Here's a first station with the id "start". This is the default station to begin with (you can use a different one).
A very simple station with just a bit of text:
<text>Welcome to the adventure. Which is over now, since there are no paths away from this station.
The station has a unique ID: never take the same ID for
several stations. You may use spaces in the ID.
The text element inside the station is the text the user will read. There are no choices to continue here, so the adventure would be over. Always use at least one choice to continue, unless you want the station to be the last! (When the player dies, you might want to suggest to reload the game to play again.)
Here is a more complete station, with some choices, and also an image:
<image source="room.gif" default="true" />
You're home.<break />
You can see a backyard and a TV. And a small, <emphasis>silver treasure chest</emphasis>. There's also a book called "XML in 21 Days". </text>
<choice station="backyard"> You go to the backyard </choice>
<choice station="treasure"> You open the treasure </choice>
<choice station="tv"> You go to the TV </choice>
<choice station="book"> You open the book on a page </choice>
To link back to the last station, use "back" as station name.
All the formatting regarding spaces is purely a matter of tutorial readability! In a real QML file, you might not want to indent at all. Just remember to never leave an element (a "tag") open, or if it is a single element, close it like the image above with an additional "<... />"
In the example above, there was some use of formatting that actually
shows up when the player reads the text: the break will break the text
at that part and continue in the next line. To have a stronger break, use
the optional attribute type with the value "strong" (instead of "normal").
emphasis will put emphasis on a word: typically, this means the font
will be rendered italic.
Other elements are display (for a pub sign, a book title, a computer screen etc.) and poem (for poems). Using poem around multiple lines saves you putting <break /> at the end of every line.
You may want to comment on a station. This is information
the player won't see, but it might be helpful for yourself
(or anybody reading the source) to understand/ remember why you did something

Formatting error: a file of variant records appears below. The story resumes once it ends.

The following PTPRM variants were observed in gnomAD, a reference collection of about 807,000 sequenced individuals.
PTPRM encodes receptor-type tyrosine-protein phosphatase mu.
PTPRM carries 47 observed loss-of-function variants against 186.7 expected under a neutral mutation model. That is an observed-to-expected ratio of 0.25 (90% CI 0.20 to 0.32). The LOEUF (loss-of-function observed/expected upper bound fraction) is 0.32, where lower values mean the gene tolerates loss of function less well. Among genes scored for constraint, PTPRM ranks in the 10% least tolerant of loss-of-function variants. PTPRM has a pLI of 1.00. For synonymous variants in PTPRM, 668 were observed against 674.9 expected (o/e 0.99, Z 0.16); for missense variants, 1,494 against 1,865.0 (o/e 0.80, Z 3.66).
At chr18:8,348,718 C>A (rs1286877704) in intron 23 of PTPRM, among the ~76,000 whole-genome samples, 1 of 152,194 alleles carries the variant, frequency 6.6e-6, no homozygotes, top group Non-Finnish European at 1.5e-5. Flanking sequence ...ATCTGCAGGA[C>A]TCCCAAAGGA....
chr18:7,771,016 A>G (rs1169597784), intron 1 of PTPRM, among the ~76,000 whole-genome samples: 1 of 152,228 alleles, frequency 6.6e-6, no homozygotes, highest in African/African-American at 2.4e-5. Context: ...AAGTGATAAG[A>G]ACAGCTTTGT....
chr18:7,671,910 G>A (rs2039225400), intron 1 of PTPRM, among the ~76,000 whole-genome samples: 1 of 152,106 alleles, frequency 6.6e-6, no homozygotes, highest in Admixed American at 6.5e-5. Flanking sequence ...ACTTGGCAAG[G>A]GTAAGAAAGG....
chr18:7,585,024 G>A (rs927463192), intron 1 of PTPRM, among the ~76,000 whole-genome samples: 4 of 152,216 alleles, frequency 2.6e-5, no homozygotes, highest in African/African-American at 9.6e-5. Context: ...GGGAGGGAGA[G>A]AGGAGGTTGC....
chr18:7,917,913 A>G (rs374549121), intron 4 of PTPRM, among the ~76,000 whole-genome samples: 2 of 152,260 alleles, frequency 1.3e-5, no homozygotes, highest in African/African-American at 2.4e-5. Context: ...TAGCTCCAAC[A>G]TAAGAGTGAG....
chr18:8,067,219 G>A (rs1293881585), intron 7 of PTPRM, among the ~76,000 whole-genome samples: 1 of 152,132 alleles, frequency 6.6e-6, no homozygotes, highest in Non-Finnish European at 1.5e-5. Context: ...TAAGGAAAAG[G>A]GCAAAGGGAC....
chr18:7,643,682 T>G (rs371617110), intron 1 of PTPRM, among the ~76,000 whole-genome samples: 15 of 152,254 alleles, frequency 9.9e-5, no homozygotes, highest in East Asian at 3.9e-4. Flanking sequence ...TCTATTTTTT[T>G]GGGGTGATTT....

in a certain way.
A comment is put at the start of a station, enclosed in <comment>...</comment>.
(An alternative way for comments everywhere throughout the QML document is to use <!-- this is a comment -->)
A choice is some text that is displayed as a link the user can follow. It's like a path to a new location, or like a certain action within a location. (Something the player says, takes, etc.) The number of choices is theoretically unlimited.
Here's the attributes a "choice" can have:
<choice station="(id of station)"
state="(name of state)"
number="(name of number)"
is="('true' | 'false')"
relation="('and' | 'or')"
The attribute station of a choice element must be used and contains the
ID-value of the station you want the choice to lead to. Many choices can lead to
the same station.
State, number, chance, is and relation are all optional attributes related to states discussed later on. If the value is false, the link will not show up.
The Text is the text-line that will be displayed as link to the station.
You can include a station in many others automatically.
<include state="not dog ran away">
<in station="backyard*" process="after"/>
<text>A dog is walking by your side.</text>
This will "merge" this station's text and choices with any other station
with an id starting with "backyard".
You can process the include after, before, or exclusive (relative to the other station). You can use multiple include commands in a single station (always at the top) plus multiple "in" elements in each include. Both can have state and variable checking (more on that in the chapter on states).
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